A size/speed freak checking in at the 91st percentile in combine RAS…at 250 lbs!

We’ve seen the sheer power of Dillon (Quadzilla, affectionately) on display the past two seasons. Running between the tackles and seemingly pushing the pile entirely by himself.

He’s a 3rd & Goal, 4th & 1 foregone conclusion. Something that the Packers have lacked for many seasons.

You can make the argument that after the Special Teams meltdown against the 49ers in the divisional playoff round the loss of AJ Dillon to a cracked rib was the second leading reason they lost that game.

AJ Dillon is built to perform in frigid temps against stingy defensive fronts.

One of the few knocks against Dillon coming out of Boston College was that he was not involved in the passing game and scouts predicted that his game was not well suited to being a receiving asset.

All Dillon has done is show-out with 36 catches (in part-time duty) for 9.2 YPR and a 92.3 catch percentage.

About the only thing we haven’t seen is Dillon flash the long speed indicated by his 4.53 40 time (only a touch slower than Aaron Jones 4.50 time!)

I don’t believe AJ Dillon has reached his ceiling and I’m excited for what the future holds. There is potential that when the 2022 regular season arrives we could be flipping Aaron Jones 1A & AJ Dillon’s 1B titles.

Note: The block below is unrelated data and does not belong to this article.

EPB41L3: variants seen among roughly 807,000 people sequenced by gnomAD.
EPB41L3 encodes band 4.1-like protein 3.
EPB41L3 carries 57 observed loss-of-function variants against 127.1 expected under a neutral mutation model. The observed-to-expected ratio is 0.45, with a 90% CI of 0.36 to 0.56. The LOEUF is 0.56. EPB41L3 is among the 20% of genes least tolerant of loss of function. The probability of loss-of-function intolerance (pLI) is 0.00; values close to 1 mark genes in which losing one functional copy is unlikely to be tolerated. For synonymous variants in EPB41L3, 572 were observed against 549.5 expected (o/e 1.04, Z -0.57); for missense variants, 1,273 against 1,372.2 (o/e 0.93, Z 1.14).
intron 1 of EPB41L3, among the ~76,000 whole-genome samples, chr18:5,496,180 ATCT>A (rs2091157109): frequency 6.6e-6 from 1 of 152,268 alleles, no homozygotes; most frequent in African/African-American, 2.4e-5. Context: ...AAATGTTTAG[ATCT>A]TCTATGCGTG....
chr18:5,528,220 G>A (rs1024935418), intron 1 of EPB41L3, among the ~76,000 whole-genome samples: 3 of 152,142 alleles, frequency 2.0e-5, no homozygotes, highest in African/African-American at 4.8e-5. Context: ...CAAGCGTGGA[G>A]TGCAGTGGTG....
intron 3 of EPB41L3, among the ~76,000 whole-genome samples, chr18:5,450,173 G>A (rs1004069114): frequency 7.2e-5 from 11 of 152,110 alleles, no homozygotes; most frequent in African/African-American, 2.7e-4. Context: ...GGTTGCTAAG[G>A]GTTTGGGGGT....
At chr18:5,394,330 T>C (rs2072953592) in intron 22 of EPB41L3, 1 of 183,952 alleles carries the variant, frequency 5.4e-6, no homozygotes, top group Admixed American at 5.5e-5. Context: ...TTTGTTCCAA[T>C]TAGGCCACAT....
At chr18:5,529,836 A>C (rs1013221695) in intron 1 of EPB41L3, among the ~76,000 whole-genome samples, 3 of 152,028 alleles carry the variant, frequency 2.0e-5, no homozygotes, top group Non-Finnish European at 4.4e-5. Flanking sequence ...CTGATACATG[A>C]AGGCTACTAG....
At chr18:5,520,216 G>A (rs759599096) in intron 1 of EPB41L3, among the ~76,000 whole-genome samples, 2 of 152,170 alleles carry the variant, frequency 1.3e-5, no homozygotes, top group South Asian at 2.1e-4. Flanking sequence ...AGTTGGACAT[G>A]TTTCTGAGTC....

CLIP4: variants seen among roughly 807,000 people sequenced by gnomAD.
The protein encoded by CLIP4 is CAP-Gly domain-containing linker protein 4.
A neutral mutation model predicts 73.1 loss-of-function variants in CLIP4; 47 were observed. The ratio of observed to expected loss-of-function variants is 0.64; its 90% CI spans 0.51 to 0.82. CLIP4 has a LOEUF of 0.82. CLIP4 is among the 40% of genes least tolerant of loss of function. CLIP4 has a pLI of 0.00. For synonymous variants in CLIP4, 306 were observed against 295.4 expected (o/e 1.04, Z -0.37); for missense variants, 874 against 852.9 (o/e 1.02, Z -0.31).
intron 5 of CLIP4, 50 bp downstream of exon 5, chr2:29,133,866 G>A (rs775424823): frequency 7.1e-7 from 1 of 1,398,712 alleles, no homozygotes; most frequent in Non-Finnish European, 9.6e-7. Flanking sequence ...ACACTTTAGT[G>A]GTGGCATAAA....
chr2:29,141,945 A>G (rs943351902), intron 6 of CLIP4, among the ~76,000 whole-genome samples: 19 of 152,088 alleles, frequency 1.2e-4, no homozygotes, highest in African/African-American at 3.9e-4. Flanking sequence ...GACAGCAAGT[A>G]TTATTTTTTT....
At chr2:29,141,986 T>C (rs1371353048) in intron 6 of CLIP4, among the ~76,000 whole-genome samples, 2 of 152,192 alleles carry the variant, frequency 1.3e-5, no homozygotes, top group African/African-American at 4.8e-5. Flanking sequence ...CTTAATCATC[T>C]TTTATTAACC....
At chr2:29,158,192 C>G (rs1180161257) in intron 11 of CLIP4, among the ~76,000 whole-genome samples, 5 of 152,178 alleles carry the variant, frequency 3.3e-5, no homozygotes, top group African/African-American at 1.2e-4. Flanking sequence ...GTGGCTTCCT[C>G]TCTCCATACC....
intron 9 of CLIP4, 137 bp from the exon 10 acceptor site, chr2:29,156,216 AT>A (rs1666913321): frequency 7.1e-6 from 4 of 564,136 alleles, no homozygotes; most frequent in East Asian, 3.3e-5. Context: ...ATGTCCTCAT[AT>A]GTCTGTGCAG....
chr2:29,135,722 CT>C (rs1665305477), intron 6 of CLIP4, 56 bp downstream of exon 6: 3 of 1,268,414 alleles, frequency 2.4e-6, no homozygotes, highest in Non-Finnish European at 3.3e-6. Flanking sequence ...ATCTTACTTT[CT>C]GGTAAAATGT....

Patrick Taylor RB3:

Patrick Taylor is a bit of a mystery but has the potential to take the RB3 job and run with it.

About the only extended look we received of Taylor was in week 18 against the Lions where he toted the ball 11 times for 53 yards and a touchdown. It was a meaningless game, but not for the Lions.

Taylor has excellent size at 6-3, 223 Lbs and has a collegiate track record of excellence. Going over 1100 rushing yards in 2018 with 16 touchdowns for the Memphis Tigers. Taylor had an injury riddled final campaign with Memphis in 2019.

Taylor has bounced around between the active roster and the practice squad, but there is potential that he may have shown enough in Kylin Hill’s absence to deserve more playing time.